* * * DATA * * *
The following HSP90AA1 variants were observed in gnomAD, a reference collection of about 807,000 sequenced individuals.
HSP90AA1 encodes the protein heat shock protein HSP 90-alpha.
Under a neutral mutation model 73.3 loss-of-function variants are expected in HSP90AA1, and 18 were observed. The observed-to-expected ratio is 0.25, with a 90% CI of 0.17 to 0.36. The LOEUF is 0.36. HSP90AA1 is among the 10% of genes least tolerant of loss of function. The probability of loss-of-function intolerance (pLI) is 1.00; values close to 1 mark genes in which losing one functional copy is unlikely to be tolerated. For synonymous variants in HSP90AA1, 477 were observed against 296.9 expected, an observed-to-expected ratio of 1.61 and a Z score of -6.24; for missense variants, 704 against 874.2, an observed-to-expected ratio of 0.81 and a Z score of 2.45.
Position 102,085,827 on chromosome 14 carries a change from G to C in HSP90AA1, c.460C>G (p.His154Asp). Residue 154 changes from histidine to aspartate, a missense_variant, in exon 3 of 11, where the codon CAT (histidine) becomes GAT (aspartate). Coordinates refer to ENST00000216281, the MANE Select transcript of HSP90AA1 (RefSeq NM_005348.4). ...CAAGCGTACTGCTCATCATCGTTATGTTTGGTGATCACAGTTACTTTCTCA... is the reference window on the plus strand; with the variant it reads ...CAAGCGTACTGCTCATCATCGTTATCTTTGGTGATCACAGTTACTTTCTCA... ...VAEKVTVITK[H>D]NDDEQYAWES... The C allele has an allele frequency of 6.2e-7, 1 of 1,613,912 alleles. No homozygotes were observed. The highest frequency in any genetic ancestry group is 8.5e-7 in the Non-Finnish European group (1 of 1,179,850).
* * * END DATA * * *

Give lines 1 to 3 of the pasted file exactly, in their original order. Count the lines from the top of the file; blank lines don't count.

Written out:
The following HSP90AA1 variants were observed in gnomAD, a reference collection of about 807,000 sequenced individuals.
HSP90AA1 encodes the protein heat shock protein HSP 90-alpha.
Under a neutral mutation model 73.3 loss-of-function variants are expected in HSP90AA1, and 18 were observed. The observed-to-expected ratio is 0.25, with a 90% CI of 0.17 to 0.36. The LOEUF is 0.36. HSP90AA1 is among the 10% of genes least tolerant of loss of function. The probability of loss-of-function intolerance (pLI) is 1.00; values close to 1 mark genes in which losing one functional copy is unlikely to be tolerated. For synonymous variants in HSP90AA1, 477 were observed against 296.9 expected, an observed-to-expected ratio of 1.61 and a Z score of -6.24; for missense variants, 704 against 874.2, an observed-to-expected ratio of 0.81 and a Z score of 2.45.